"There is no better time now than [now]," she said. "Without the Time's Up movement, with us speaking up about discrimination and harassment and pay disparity... to be sitting in an opportunity like this, and being grateful and not taking advantage and spreading it and bringing your blessings [wouldn't be possible]."
"We're living in this movement, it is a movement, it's continuous, we're not stopping, we're going to keep fighting and being vocal and being caring and loving and generous and and conscientious and aware," she added.
Munn used her platform as host of the 2018 Critics' Choice Awards to call attention to the inequality in Hollywood -- but before that, she spoke out against Brett Ratner, accusing him of sexual harassment. And the day before the SAG Awards, she took the stage to speak at the 2018 Women's March.
"I'm asking all of you to be the team member for every woman in your life. Refrain from judgment. Be the rock of understanding be the well of empathy. Right here, we all have the power to make sure that our daughters, nieces, granddaughters, great granddaughters, grow up with a mentality, that if you come from one of us, you come from all of us," she declared.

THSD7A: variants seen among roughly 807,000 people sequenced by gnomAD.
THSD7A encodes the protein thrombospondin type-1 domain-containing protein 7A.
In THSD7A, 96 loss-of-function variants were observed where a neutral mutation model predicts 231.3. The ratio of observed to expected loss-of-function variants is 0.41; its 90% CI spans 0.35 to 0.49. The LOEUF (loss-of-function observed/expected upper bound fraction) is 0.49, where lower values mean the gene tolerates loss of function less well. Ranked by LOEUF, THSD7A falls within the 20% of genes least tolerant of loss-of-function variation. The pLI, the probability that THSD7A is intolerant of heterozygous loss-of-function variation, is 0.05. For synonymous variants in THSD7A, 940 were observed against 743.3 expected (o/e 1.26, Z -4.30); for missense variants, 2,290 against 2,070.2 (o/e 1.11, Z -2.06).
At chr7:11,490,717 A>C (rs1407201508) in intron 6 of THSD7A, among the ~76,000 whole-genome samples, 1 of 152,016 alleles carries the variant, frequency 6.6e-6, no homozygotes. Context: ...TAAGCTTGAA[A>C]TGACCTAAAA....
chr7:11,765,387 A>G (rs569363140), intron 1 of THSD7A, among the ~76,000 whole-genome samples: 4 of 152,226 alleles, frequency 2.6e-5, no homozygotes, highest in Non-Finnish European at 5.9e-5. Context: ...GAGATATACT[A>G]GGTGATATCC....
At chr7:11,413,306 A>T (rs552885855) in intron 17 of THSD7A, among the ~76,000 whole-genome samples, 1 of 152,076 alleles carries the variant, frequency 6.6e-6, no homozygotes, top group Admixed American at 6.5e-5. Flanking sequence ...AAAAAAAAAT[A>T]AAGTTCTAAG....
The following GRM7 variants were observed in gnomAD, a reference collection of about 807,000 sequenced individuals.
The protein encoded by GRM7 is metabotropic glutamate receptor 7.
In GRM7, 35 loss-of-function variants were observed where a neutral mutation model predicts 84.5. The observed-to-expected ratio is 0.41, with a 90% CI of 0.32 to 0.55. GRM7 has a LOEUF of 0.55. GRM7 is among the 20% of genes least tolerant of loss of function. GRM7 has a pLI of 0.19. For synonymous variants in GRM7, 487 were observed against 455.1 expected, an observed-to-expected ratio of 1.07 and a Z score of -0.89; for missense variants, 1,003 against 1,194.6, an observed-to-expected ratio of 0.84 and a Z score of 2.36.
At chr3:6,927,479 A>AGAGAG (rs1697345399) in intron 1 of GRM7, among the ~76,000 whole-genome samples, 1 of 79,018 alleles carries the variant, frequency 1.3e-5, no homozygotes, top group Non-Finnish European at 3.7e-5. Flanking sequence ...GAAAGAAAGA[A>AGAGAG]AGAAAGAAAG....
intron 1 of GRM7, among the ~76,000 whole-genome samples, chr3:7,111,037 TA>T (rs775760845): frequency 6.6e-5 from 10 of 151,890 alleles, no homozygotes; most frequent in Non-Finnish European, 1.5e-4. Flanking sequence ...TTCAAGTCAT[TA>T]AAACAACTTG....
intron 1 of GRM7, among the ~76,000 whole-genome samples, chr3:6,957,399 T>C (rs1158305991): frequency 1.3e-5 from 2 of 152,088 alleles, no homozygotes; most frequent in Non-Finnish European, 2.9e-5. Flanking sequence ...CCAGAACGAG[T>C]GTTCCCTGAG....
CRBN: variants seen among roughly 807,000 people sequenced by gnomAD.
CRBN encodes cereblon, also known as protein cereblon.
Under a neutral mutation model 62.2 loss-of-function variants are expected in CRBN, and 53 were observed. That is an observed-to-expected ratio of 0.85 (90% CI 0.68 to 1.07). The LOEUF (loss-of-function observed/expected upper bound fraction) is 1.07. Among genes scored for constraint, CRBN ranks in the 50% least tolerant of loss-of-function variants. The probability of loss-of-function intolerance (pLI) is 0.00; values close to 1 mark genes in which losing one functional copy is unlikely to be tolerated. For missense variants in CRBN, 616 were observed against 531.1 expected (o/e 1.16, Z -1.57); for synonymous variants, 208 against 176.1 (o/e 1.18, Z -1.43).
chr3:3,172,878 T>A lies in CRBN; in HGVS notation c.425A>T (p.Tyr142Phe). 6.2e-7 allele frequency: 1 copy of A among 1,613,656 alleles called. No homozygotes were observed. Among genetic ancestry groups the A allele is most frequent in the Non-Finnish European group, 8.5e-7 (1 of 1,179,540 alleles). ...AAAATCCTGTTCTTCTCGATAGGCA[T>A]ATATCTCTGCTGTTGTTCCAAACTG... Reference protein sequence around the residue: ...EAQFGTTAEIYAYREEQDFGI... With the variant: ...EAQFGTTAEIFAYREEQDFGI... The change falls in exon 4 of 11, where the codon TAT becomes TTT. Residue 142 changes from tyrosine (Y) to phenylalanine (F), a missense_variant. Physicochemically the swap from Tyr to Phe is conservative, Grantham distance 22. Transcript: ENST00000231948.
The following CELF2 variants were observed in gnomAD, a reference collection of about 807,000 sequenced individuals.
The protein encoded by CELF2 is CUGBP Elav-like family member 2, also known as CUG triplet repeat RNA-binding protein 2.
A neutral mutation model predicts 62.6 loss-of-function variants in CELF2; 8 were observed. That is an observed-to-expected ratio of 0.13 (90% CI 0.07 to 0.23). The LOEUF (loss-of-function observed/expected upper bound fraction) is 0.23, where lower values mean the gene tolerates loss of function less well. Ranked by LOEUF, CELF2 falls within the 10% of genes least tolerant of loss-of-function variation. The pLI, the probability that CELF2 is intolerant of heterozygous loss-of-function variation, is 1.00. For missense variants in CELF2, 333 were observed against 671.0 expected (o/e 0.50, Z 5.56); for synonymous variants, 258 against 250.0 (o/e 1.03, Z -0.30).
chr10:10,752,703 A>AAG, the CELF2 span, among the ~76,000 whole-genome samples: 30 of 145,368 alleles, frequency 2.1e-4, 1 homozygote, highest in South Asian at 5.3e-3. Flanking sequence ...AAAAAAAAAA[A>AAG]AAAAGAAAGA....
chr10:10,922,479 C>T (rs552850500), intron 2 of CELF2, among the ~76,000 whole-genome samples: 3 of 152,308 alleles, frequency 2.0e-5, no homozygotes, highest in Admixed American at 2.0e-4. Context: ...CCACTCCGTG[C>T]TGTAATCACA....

"This...has been a long time coming. I mean, we need massive systemic change and the imbalance of power has been since any of us can remember, since the beginning of time," Stone told ET's Nancy O'Dell at the Golden Globes. "It's very exciting to be coming together in this way and standing in solidarity."
"I think that playing Billie Jean last year, and learning from someone as iconic as Billlie Jean, who has been on the front lines of the movement toward equal pay and equal treatment and equal respect, is really an incredible kind of symbiotic relationship. The Battle of the Sexes happened 45 years ago, and today we are still in a very similar place, but hopefully the change is occurring in a major way now," she said.
The 34-year-old actress recounted her experiences with Harvey Weinstein in a powerful op-ed this fall, and has continued to stand up for other women since. Nyong'o delivered a powerful speech at the 2018 Women's March in Los Angeles on Saturday, and was one of many actresses to support the Time's Up movement from day one.
“Now that we are speaking, let us never shut up about this kind of thing,” she wrote in her New York Times essay. “I speak up to make certain that this is not the kind of misconduct that deserves a second chance. I speak up to contribute to the end of the conspiracy of silence.”
Kelly Marie Tran
Tran broke down barriers by bringing another layer of representation to screen with her role on Star Wars: The Last Jedi -- and admitted it was especially important because growing up, she didn't see many Asian women she could relate to in movies or TV.